Ece 15b computer organization spring 2011 dmitri strukov
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ECE 15B Computer Organization Spring 2011 Dmitri Strukov. Partially adapted from Computer Organization and Design, 4 th edition, Patterson and Hennessy,. Agenda. Instruction formats Addressing modes Advanced concepts. Instruction formats. Simple datapath picture.

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ECE 15B Computer Organization Spring 2011 Dmitri Strukov

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Ece 15b computer organization spring 2011 dmitri strukov

ECE 15B Computer OrganizationSpring 2011Dmitri Strukov

Partially adapted from Computer Organization and Design, 4th edition, Patterson and Hennessy,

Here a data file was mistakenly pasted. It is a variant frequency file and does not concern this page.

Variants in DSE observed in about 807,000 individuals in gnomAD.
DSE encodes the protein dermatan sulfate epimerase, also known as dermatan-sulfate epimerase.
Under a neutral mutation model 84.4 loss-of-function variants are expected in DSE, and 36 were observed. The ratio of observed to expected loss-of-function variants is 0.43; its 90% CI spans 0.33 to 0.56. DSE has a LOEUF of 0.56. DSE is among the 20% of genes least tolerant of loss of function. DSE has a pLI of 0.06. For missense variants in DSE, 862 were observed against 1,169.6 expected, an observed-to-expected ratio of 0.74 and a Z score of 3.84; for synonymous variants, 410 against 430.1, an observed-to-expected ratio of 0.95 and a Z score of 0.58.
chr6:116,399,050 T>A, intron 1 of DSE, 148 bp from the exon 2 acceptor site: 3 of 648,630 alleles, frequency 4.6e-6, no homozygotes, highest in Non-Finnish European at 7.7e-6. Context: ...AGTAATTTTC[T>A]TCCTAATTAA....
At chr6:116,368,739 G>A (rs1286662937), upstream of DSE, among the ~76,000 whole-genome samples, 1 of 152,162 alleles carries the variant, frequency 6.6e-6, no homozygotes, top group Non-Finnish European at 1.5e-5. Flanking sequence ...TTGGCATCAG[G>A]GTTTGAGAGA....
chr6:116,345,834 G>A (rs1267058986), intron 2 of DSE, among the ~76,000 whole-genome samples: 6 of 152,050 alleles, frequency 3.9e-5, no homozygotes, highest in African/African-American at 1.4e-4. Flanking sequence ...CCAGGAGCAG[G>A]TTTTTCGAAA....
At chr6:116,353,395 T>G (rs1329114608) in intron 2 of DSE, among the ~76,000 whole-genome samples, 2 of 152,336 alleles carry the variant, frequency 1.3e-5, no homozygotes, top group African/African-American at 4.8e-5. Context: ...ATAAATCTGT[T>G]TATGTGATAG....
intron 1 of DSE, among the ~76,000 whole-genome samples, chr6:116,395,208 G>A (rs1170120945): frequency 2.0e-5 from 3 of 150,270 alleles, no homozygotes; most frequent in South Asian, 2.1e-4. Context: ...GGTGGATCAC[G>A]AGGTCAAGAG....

Agenda

Agenda

  • Instruction formats

  • Addressing modes

  • Advanced concepts

ECE 15B Spring 2011


Instruction formats

Instruction formats

ECE 15B Spring 2011


Ece 15b computer organization spring 2011 dmitri strukov

Simple datapath picture

Let’s add more details on this figure to see why instruction decoding could be simple and to see what is happening with for different instructions

ECE 15B Spring 2011


Below the program

Below the Program

temp = v[k];

v[k] = v[k+1];

v[k+1] = temp;

lw $t0, 0($2)

lw $t1, 4($2)

sw $t1, 0($2)

sw $t0, 4($2)

High Level Language Program (e.g., C)

Compiler

Assembly Language Program (e.g.,MIPS)

Assembler

0000 1001 1100 0110 1010 1111 0101 1000

1010 1111 0101 1000 0000 1001 1100 0110

1100 0110 1010 1111 0101 1000 0000 1001

0101 1000 0000 1001 1100 0110 1010 1111

Machine Language Program (MIPS)

Machine Interpretation

Hardware Architecture Description (e.g., block diagrams)

Architecture Implementation

Logic Circuit Description(Circuit Schematic Diagrams)


Assembly instruction

One to one mapping

Assembly instruction

Binary code

0000 1001 1100 0110 1010 1111 0101 1000

lw $t0, 0($2)